inates the need to make holes in the  continuous  vapor  barrier,
thus  reducing  the risk of warm, moist room air moving into wall
or ceiling cavities and attics with resulting condensation.  Sur-
face  mounting  also reduces the risk of rodent damage and allows
periodic inspection and repair.

     Damage more serious than simple  wet  insulation  may  occur
when  electrical wiring is involved. Electrical boxes recessed in
walls or ceilings will  be  cold  during  winter,  thus  becoming
``condensation  boxes.''  As  a result, switches, wire junctions,
duplex outlets, and circuit breakers will corrode  rapidly  which
may  result  in  a  short-circuit.  When  cables  or conduits are
extended into cold wall cavities or  ceiling  and  attic  spaces,
condensation  follows  the cable or conduit (by draining or wick-
ing) into electrical fixtures and boxes. When this occurs, corro-
sion  and circuit resistancewith associated overheating of wiring
or equipmentare greatly increased.  Cables  and  conductors  with
nonwaterproof  covering  can also lead to current leakage through
the insulation, which may cause problems with stray  voltage  and
increased potential for electric shock.

     Surface wiring with cable is relatively easy, saves  materi-
als  and  labor,  and  is  generally preferable to conduit except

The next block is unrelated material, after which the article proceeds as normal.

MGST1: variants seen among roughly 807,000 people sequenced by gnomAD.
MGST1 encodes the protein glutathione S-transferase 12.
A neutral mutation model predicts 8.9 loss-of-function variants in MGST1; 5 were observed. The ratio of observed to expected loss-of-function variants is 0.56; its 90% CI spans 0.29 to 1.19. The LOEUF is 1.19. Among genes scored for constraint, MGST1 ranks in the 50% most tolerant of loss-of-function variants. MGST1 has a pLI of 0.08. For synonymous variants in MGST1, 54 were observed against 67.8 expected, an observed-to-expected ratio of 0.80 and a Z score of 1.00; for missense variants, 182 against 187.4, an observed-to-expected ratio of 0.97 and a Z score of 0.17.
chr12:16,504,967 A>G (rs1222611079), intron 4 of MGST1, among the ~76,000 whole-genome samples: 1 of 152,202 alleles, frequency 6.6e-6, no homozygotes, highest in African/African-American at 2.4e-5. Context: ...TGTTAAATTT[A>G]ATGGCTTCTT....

where subject to physical damage.  Type UF cable  is  recommended
because  it  is moisture resistant and allows use of weatherproof
connectors and fittings at box connections. Do not use Type NM or
NM-B cable in swine buildings.

     Install cable where it will be protected from physical  dam-
age.  Normally  it  should be installed on flat surfaces of walls
and ceilings. Use nylon or plastic coated staples,  or  stainless
steel nails and nonmetallic straps at a maximum of 4.5-ft. inter-
vals and within 8 in. of each junction or fixture  box.   If  the
building  has  exposed joists, beams, or trusses, run cable along
the joist, beam, or truss chord. If it must run perpendicular  to
joists  or ribs of metal ceiling or wall liners, install cable on
a 1- x 2-in. running  board.   Sharp  bends  should  be  avoided;
minimum bend radius is five times the cable diameter.

     Conduit offers an alternative to Type UF  cable,  especially
where  wiring  is subject to physical damage or where conduit may
facilitate use of multiconductor control circuits. Otherwise, its
use is discouraged because inadequate sealing will allow entry of
vapor which may condense and contribute to system  deterioration.
Rigid Schedule 40 PVC conduit is recommended.  Provide extra pro-
tection in areas subject to physical abuse by animals  or  equip-
ment.  PVC  conduit is available in 10- and 20-ft. lengths and in
commonly used diameters of 1/2, 3/4, and 1 in. Larger conduit for
large  motors  or  service  entrances  are also available. Single
strand wire rather than cable is used in  conduit.  Select  wires
with  a  Type W designation (RHW, THW, THWN, or XHHW). Use a bare
or green insulated copper wire of the same size as  line  voltage